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W2W-Wheels to Work

W2W-Wheels to Work

Postby Rob1965 » Sun Feb 09, 2014 1:41 pm

The Wheels 2 Work concept – providing cheap two wheel transport for young job seekers - received a vote of confidence this week with an endorsement from Transport Minister Robert Goodwill, who was pleased to announce that the number of schemes has risen 35% to 33 since 2012 with several others in the pipeline.

Speaking at the Wheels 2 Work Association’s (W2WA) second annual conference in London recently, Goodwill sympathised with the “chicken and egg situation” that exists for people who are unemployed in the countryside and can’t afford transport, which prevents them from getting jobs. He stated, “Wheels 2 Work is one solution to that problem. That’s why we have supported schemes through the establishment of the Wheels 2 Work Association.” He also related a story about how he had been a W2W “pioneer” himself, in buying a former young employee a motorcycle, the cost of which was deducted from his wages each week.

The W2W concept was also endorsed by 19 year old Gabi Ohlsen, the Young Person’s Representative on a Parliamentary working group set up to tackle rural isolation. Gabi is a staunch advocate of affordable and accessible travel for young people, and came to address the conference to offer her support. She considers the Wheels 2 Work concept is the most appropriate way to tackle a lack of transport for those living in the countryside, who may well have unemployed parents too. One study she highlighted described these as a growing “rural underclass”. The group Gabi belongs to have looked at a number of alternatives to provide rural transport, but W2W seems to be a favourite, “Wheels 2 Work is effective and innovative as it helps on an individual basis, serving individual needs. It’s much more cost effective than running a bus to all the different villages and hamlets.” “I thoroughly believe that all young people should know about it and have access to it, if they are in need of the service. The fact is there has been very little political discourse on rural isolation, even though it affects many many young people.”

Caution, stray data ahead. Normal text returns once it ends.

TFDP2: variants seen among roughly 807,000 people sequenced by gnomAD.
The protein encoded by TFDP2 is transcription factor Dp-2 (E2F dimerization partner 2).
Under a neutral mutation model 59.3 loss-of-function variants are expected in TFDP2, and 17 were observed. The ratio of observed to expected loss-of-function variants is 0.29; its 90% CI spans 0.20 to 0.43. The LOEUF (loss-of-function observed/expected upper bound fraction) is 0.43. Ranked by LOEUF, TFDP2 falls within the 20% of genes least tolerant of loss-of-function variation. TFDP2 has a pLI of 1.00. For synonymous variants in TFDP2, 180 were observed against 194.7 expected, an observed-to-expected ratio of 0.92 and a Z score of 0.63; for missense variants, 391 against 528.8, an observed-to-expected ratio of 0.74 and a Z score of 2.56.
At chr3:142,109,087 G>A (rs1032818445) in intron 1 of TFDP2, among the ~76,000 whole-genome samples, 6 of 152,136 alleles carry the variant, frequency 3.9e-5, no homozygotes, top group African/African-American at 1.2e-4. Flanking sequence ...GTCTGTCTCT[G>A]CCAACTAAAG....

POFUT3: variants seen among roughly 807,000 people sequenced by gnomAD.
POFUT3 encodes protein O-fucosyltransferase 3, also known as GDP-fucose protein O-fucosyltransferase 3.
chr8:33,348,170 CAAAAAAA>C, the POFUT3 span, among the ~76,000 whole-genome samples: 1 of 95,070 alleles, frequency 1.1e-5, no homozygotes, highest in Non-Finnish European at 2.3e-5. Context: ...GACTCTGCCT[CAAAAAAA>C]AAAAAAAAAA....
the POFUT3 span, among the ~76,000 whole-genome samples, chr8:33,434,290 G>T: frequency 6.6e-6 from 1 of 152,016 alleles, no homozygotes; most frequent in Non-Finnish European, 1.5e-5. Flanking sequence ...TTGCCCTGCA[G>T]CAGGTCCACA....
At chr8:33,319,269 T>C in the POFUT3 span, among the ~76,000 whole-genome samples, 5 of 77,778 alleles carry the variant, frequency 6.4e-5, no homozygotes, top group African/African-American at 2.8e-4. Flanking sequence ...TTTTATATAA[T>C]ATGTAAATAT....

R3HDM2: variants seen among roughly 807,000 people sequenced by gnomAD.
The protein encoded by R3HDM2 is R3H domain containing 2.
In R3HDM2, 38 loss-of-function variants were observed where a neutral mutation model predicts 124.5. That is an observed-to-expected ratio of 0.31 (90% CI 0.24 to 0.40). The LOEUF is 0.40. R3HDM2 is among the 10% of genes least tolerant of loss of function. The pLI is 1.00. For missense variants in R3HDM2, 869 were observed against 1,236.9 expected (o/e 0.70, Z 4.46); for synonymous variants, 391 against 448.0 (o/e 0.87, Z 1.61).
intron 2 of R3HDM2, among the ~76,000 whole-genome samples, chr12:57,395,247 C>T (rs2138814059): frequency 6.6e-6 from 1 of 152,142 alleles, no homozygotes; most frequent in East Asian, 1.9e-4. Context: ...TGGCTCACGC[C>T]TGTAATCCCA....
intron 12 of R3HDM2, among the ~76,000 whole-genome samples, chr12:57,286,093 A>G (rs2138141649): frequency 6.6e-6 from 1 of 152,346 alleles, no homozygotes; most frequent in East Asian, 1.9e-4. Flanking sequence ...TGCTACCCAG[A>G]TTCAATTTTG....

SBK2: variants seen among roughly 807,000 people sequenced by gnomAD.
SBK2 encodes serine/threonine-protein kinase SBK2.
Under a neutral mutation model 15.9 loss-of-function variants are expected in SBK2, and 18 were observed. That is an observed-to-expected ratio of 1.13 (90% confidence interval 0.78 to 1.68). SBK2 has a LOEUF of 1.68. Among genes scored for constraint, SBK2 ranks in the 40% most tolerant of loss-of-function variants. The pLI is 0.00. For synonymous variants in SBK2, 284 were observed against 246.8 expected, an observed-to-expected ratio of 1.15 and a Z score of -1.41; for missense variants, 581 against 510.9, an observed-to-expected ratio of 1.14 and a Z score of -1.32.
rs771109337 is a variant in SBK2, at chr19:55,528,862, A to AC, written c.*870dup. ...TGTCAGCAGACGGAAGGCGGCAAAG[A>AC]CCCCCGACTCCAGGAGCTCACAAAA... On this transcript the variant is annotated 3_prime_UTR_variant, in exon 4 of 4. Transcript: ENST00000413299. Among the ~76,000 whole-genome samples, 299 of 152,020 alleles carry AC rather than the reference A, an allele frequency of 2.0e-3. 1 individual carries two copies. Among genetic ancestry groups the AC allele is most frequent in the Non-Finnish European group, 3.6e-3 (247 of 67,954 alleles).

Wheels 2 Work schemes are run independently by councils, charities, social enterprises offering the loan of a moped, motorcycle or scooter to people who would otherwise not be able to access work relying on public or private transport. Young people get help with the right training and they are issued with protective clothing, which they have to wear. This means they are introduced to motorcycling in a safe and structured way and the schemes have excellent safety records as a result. Typically these help young people, who live in rural areas, but increasingly the schemes are opening in urban areas too. Mobile carers are one group who are often keen to take up this offer, as it offers a cost effective way of getting between clients. These schemes literally change lives, offering mobility for economic and personal use, thereby reducing social exclusion on both counts
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